It’s near-impossible for the inimitable Michael Mann to make a boring film. For Mann, the action is the juice. He cut his teeth on highly stylized thrillers, and has subsequently approached all of his films, regardless of the subject, with the same bracing energy and almost existential yearning. He made Big Tobacco and journalistic ethics exciting in his acclaimed 1999 drama The Insider, led by a powerhouse performance from Russell Crowe; he eschewed any attempts to vivisect or understand Muhammad Ali as a person, instead opting to approach the man as a myth manifest as flesh, in the Will Smith-starring Ali; and he depicted notorious bank robber John Dillinger as a proto-rockstar in Prohibition-era America in Public Enemies, a turning point in his ever-oscillating career.
Mann began experimenting with digital filmmaking in Ali, Collateral, Miami Vice, and, most intensively, Public Enemies in 2009. The film raked in over $200 million, but earned such poor reviews that six years passed before he made another movie. That movie, the techo-thriller Blackhat, came out in January, earning similarly polarized reviews and an emaciated box-office return of $18 million on a budget of $70 million.
Thankfully, it won’t be six years until he makes another film, even with Blackhat’s poor performance. It’ll be closer to one year: Mann will be in the driver’s seat of a film about Enzo Ferrari, the Italian car pioneer, according to Variety. CGM chief exec Niels Juul says they have a finished script and plan to begin shooting in 2016. Vittorio Cecchi Gori, whose production company Cecchi Gori Media produced the Oscar-winning Holocaust tragi-comedy Life Is Beautiful, is producing.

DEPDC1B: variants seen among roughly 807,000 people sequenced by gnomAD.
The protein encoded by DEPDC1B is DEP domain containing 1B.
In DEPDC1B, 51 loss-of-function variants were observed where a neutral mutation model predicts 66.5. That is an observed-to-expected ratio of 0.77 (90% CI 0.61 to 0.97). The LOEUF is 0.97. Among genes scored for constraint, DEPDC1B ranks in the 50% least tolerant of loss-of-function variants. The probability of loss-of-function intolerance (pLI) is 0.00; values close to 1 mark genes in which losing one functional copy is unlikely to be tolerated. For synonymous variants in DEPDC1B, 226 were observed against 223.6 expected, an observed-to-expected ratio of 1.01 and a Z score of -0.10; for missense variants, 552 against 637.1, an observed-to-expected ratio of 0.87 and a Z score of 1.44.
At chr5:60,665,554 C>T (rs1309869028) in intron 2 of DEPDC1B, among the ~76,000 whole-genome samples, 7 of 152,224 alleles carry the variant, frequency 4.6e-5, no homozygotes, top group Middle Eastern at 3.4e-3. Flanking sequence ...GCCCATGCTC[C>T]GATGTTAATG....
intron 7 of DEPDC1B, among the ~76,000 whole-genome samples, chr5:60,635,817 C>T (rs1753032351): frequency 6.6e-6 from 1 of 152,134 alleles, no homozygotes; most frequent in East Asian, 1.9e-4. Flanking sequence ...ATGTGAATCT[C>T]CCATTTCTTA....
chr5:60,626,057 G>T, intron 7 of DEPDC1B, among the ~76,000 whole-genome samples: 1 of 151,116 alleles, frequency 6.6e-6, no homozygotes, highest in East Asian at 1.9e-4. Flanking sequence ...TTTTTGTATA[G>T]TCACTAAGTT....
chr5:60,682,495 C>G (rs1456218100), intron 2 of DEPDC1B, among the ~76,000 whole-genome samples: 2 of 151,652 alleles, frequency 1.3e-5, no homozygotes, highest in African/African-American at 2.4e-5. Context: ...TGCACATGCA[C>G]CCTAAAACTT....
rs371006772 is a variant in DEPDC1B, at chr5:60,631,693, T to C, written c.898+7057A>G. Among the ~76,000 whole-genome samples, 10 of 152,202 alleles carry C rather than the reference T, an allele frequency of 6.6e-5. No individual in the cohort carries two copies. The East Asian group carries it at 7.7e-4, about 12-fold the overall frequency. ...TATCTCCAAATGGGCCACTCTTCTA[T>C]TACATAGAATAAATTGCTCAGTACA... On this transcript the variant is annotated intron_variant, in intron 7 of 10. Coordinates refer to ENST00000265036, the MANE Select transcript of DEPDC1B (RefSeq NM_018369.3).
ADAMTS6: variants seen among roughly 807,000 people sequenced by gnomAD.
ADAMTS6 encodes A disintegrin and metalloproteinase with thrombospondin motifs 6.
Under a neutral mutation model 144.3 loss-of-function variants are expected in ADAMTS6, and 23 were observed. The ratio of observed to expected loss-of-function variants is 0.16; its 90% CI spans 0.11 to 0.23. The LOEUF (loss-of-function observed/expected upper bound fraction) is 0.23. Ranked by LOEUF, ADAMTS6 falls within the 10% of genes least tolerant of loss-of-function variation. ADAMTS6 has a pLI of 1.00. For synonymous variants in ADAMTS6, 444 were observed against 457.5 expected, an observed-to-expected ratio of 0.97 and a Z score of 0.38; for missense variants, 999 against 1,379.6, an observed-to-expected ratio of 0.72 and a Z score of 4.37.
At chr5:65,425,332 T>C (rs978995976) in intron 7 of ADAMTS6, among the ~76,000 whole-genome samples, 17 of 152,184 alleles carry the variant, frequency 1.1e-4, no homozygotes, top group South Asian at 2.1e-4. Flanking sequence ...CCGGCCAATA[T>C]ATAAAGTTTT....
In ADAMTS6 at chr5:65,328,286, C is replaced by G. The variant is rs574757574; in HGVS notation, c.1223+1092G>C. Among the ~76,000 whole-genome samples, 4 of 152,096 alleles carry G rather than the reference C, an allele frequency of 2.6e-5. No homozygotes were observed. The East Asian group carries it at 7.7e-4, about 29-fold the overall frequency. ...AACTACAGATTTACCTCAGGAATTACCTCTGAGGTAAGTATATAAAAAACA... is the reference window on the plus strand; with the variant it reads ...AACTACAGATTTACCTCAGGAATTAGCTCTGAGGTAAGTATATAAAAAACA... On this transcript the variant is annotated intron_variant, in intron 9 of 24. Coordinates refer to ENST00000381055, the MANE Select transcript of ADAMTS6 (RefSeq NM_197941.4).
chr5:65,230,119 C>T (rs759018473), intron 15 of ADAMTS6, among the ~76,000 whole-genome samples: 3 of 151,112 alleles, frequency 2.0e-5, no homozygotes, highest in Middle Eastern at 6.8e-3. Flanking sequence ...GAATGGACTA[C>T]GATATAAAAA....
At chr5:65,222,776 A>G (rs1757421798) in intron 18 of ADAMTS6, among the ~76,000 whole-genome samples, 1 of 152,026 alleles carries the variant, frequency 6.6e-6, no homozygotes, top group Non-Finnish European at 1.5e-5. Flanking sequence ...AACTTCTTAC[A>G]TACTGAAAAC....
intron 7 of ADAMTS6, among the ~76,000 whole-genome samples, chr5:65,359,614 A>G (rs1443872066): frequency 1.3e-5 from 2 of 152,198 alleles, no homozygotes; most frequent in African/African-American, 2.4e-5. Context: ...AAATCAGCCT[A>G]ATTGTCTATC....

If the idea of Michael Mann directing a movie about an autocratic mogul who played wicked psychological games with his drivers and fostered an atmosphere of cruel competition doesn’t get your heart pumping, you probably have oil sludge in your veins.
Ferrari has been a popular subject for potential films, but none have actually come to fruition. A while back, Mann was in talks to direct a different film about Ferrari based on the book Go Like Hell: Ford, Ferrari, And Their Battle For Speed And Glory At Le Mans by A.J. Baime. But the project fell through. Before that, Gori tapped Sydney Pollack to direct a Ferrari film with Al Pacino in the lead, but that also fell through. Then Pollack died in 2008. (Al Pacino is still alive.) And, as we mentioned last week, Robert De Niro, who appeared with Pacino in Mann’s 1995 crime classic (and former Dissolve MotW) Heat, plans on portraying Ferrari in an unrelated film that will purportedly have a huge budget, and might be directed by Clint Eastwood. De Niro had been slated to play Ferrari in a Mann-helmed film in the early ’90s, but, as with every other Ferrari film, it never happened. Now we’ll have not one but two Ferrari films in quick succession. It’s like Armageddon and Deep Impact all over again, but with Michael Mann and Clint Eastwood instead of Michael Bay and Mimi Leder.